3. If when visiting, your host gives you indirect hints to leave (e.g. looking at his watch, etc) be considerate and leave.

  4. When visitors leave, see them from the premises by accompanying them to the gate or car. Await their departure before returning inside.

 

Gradings:

  1. Warm-up about 25 minutes before the chief examiner arrives. Someone will conduct the warm-up. 

  2. Members should be instructed on where to be seated and advised as to proper conduct.

  3. When to go to the restroom.

  4. Chief examiner arrival: (nominate someone to watch for his arrival).

  5. Instructors must be dressed in the official dress uniform (unless required in dobok for the testing).

  6. The Instructors wait outside for the examiner. They walk in with the Examiner in accordance with their seniority with the Examiner at the front of the line.

  7. The Instructors line up at the front, facing forward to the students testing.

  8. All face the flag and bow (the senior student gives the commands).

  9. Student oath

 10. Bow to the chief examiner, bow to the instructors.

 11. The host Instructor introduces the examiner and instructors and advises people of the event.

 12. Those testing move back and are seated while the examiner is introduced to the instructors and guests if any. Black belt students are to be seated at the side of the venue.

 13. Testing begins.

 14. Instructors need to be seated where practical near the examiner for consultation. Instructors are only permitted to be seated at the examiner's table. If your student is being examined, then sit next to the examiner so comments can be passed.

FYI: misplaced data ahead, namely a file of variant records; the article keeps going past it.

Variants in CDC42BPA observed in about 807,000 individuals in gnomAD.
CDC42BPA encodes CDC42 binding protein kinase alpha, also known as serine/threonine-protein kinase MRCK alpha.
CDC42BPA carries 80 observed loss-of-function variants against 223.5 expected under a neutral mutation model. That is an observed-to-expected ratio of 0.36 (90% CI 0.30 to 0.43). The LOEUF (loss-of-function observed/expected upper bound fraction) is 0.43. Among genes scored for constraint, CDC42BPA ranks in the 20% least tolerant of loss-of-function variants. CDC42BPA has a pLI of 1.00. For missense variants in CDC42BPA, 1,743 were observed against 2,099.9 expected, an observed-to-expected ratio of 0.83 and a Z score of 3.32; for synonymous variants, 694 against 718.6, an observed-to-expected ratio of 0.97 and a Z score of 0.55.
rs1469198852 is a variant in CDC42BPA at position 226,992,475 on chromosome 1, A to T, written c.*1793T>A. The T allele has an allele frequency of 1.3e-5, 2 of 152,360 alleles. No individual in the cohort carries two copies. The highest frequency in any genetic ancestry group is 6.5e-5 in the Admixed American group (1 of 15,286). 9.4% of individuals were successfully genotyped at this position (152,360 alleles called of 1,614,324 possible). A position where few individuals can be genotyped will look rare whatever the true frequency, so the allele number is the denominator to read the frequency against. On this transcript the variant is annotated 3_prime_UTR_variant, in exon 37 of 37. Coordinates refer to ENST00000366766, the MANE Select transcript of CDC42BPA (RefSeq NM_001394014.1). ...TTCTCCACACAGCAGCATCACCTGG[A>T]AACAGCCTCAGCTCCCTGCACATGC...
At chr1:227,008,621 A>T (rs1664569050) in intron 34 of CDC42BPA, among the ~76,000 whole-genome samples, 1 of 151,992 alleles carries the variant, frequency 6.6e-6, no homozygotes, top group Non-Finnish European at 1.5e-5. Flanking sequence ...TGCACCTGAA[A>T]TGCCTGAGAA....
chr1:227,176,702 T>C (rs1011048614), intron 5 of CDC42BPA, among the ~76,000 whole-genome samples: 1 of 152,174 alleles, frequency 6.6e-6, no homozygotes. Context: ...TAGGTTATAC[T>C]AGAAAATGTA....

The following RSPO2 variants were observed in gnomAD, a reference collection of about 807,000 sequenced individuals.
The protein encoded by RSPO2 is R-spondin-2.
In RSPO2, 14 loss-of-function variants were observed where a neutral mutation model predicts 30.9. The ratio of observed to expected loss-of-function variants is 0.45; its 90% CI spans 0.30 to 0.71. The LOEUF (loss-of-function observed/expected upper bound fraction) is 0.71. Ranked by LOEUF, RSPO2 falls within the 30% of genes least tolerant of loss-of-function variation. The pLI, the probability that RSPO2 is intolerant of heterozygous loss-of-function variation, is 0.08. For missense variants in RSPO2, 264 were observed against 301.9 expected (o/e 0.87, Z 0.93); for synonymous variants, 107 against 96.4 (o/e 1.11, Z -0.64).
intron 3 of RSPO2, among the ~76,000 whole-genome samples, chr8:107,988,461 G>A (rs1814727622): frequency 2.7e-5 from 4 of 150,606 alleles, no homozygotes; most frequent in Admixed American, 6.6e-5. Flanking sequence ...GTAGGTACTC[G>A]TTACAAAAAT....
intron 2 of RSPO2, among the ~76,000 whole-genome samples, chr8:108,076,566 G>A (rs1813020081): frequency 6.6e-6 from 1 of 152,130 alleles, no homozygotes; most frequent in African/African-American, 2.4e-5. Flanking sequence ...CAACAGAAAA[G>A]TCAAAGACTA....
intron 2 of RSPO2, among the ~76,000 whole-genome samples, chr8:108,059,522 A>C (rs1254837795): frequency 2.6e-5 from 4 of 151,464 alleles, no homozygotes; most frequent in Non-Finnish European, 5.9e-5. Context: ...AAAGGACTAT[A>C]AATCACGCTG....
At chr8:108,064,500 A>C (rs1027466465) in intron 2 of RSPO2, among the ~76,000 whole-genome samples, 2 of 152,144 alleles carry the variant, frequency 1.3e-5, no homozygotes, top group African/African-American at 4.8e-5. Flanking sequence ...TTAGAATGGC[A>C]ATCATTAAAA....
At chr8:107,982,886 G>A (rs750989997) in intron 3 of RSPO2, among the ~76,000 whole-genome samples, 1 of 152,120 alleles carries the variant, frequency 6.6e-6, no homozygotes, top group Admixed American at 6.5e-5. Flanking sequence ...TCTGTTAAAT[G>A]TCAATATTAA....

15. All Black Belts of the school testing are to be present at the grading in the correct dress unless excused by the chief examiner.

 16. Black belts are to be seated in a suitable manner on the seating provided, share the task of ushering the students, remain alert, and maintain the correct standards/discipline among the students testing.

 17. Finish with a speech from the examiner, presentations, and notices from visiting Instructors.

16. Final procedure: The senior gives the commands as per the procedure for the end of class.

 

After Gradings:

  1. After testing: Announcement, time, date, venue, who attends, food, transport, reservations.

  2. Always have one or two adults handy to assist the chief examiner.

  3. Testing events should be celebrated with a dinner or some type of event."Ye" (etiquette) is an essential spirit in Taekwon-Do training.

 

Taekwon-Do practice must begin and end with etiquette. Ye is abbreviation of Kyong ye. Ye denotes the way that all human beings must follow. It is the fundamental base on which the human spirit stands. That is respect for humanity.

 

Etiquette is an expression, through actions, of one's mind, respecting the other party's personality, constituting a lofty and valuable basic attitude in a man.

A code of etiquette is aimed at encouraging Taekwondoist to behave themselves like a person of etiquette, always trying hard to cultivate a righteous and decent character in them so that everyone throughout the world may follow their examples. Children especially need far more discipline and order. The child’s overflowing enthusiasm can be tempered only through reinforced moral education, which starts with the training of etiquette.

Etiquette should be based on an upright mind and modest attitude. One should get rid of mean attitudes, showing only modest attitudes, which is an important part of etiquette. Decent and accurate speech, graceful conduct, upright and moderate attitudes are all the essentials of etiquette deserving a healthy modern life. Etiquette is also the source of maintaining harmony and solidarity for community life.